Writing

Visualizing Data with Portuguese and Processing.js

Very cool! Check out these implementations of several Visualizing Data examples that make use of John Resig’s Processing.js, an adaptation of the Processing API with pure JavaScript. This means running in a web browser with no additional plug-ins (no Java Virtual Machine kicking in while you take a sip of coffee—much less drain the whole cup, depending the speed of your computer). Since the first couple chapters cover straightforward, static exercises, I’d been wanting to try this, but it’s more fun when someone beats you to it. (Nothing is better than feeling like a slacker, after all.)

map-example.pngView the introductory Processing sketch from Page 22,  or the map of the United States populated with random data points from Page 35.

Babelfish translation of the page here, with choice quotes like “also the shipment of external filing-cabinets had that to be different of what was in the book.”

And the thing is, when I finished the proof of the book for O’Reilly, I had this uneasy feeling that I was shipping the wrong filing-cabinets. Particularly the external ones.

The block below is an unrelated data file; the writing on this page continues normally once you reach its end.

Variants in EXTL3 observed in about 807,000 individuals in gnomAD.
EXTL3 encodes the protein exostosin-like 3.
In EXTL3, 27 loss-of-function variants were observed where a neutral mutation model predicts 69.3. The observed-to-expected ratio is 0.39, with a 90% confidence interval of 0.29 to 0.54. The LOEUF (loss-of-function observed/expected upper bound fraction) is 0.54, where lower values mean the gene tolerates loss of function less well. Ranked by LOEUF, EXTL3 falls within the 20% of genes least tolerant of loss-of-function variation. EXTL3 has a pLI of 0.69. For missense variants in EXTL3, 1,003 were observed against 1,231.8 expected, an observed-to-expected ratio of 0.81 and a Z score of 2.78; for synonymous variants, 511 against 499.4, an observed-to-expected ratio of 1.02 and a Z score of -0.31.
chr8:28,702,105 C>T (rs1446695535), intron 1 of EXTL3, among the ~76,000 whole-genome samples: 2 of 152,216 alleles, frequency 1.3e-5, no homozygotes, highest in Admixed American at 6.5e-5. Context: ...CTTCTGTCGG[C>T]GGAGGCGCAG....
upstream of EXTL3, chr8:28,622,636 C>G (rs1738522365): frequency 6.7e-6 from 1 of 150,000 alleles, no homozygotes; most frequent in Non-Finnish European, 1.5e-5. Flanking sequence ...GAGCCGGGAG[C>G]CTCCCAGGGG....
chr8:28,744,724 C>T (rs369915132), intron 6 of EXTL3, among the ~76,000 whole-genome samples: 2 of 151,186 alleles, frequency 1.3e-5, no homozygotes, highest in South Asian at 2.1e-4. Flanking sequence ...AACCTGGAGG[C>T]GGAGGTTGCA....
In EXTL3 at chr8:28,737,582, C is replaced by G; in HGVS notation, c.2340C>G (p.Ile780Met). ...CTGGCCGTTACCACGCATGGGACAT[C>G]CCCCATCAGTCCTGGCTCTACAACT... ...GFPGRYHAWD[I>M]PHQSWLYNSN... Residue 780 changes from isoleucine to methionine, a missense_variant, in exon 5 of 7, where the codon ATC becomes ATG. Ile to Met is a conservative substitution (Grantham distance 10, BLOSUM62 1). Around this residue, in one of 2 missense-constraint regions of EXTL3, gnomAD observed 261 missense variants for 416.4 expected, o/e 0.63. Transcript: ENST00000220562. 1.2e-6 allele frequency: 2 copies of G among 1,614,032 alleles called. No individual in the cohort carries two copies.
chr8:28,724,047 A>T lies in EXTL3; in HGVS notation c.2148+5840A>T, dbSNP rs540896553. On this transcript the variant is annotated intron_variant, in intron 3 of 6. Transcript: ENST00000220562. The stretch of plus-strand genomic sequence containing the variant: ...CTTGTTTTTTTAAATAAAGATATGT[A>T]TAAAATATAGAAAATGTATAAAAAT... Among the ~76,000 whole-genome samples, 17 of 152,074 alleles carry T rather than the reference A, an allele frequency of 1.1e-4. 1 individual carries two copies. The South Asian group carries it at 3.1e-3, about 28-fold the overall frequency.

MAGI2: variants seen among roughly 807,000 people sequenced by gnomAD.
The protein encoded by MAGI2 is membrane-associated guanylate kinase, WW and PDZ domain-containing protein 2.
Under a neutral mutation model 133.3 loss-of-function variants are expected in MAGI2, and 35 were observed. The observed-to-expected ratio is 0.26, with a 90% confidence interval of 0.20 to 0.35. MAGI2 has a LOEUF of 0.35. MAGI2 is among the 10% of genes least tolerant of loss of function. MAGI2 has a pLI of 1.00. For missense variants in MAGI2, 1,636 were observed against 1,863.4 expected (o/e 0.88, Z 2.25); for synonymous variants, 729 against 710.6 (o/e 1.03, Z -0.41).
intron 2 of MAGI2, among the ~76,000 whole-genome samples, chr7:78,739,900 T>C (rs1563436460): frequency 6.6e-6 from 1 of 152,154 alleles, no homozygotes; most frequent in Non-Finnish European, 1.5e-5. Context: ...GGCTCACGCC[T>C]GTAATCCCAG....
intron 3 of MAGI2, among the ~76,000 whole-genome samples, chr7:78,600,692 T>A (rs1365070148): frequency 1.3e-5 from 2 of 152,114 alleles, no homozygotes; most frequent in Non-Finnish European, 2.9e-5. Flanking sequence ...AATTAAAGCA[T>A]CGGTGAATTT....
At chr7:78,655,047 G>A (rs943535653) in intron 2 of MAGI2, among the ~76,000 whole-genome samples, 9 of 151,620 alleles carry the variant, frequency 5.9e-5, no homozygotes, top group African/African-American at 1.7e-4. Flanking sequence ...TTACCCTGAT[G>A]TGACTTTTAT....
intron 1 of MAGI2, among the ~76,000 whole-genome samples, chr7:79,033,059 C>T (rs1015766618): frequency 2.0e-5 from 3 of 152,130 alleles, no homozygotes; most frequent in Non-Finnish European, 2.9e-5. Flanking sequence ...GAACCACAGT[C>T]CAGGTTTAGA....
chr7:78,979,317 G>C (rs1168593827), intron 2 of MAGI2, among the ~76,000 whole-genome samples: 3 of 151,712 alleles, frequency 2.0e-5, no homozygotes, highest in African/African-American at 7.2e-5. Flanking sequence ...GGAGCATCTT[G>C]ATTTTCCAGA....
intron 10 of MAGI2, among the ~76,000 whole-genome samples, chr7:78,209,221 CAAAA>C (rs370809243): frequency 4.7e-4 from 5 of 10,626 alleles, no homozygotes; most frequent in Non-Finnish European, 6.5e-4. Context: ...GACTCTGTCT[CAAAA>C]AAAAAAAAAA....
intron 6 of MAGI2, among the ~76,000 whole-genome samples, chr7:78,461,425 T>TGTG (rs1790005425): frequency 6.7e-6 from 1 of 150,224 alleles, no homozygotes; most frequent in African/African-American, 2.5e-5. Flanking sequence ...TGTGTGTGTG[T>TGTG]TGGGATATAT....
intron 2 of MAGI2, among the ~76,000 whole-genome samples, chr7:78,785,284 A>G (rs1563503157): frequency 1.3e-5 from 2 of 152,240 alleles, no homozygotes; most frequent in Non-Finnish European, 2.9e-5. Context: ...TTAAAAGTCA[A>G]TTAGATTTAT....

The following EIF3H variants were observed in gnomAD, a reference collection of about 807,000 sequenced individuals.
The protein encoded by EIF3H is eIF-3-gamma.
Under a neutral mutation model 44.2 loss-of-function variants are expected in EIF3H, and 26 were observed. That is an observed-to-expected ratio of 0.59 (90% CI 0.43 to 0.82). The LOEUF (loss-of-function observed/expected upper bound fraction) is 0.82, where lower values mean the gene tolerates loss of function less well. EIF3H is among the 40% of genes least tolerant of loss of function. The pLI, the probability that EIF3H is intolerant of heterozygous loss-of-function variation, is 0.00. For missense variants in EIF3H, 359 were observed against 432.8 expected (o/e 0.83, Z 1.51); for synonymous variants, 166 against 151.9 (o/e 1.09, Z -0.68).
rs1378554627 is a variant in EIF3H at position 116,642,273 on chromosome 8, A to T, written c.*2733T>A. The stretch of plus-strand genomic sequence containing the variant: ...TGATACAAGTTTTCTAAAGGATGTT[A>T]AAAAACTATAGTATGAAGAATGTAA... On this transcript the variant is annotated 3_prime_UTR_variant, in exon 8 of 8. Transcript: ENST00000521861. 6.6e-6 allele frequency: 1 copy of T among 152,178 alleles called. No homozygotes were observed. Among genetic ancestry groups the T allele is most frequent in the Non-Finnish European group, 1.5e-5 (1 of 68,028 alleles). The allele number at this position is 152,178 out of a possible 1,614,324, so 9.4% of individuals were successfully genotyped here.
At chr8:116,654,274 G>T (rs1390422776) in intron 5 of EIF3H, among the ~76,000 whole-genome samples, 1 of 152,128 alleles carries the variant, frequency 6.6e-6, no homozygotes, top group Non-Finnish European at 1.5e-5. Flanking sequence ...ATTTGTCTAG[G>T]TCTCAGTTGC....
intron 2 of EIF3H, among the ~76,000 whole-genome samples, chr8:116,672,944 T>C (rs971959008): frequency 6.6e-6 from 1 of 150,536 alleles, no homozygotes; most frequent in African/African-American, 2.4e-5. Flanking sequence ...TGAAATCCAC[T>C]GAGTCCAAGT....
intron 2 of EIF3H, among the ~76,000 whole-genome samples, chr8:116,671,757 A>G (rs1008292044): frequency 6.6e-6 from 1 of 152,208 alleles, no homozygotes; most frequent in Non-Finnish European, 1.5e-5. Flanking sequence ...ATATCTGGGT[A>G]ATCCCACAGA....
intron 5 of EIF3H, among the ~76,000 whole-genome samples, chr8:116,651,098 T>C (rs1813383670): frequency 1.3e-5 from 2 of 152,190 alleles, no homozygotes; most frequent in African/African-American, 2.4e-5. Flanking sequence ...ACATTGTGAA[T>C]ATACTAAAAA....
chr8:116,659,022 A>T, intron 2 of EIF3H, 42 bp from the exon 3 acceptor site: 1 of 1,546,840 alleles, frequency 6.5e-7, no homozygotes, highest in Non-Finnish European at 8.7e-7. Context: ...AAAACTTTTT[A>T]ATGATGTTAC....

Monday, November 17, 2008 | Uncategorized  
Book

Visualizing Data Book CoverVisualizing Data is my book about computational information design. It covers the path from raw data to how we understand it, detailing how to begin with a set of numbers and produce images or software that lets you view and interact with information. Unlike nearly all books in this field, it is a hands-on guide intended for people who want to learn how to actually build a data visualization.

The text was published by O’Reilly in December 2007 and can be found at Amazon and elsewhere. Amazon also has an edition for the Kindle, for people who aren’t into the dead tree thing. (Proceeds from Amazon links found on this page are used to pay my web hosting bill.)

Examples for the book can be found here.

The book covers ideas found in my Ph.D. dissertation, which is basis for Chapter 1. The next chapter is an extremely brief introduction to Processing, which is used for the examples. Next is (chapter 3) is a simple mapping project to place data points on a map of the United States. Of course, the idea is not that lots of people want to visualize data for each of 50 states. Instead, it’s a jumping off point for learning how to lay out data spatially.

The chapters that follow cover six more projects, such as salary vs. performance (Chapter 5), zipdecode (Chapter 6), followed by more advanced topics dealing with trees, treemaps, hierarchies, and recursion (Chapter 7), plus graphs and networks (Chapter 8).

This site is used for follow-up code and writing about related topics.

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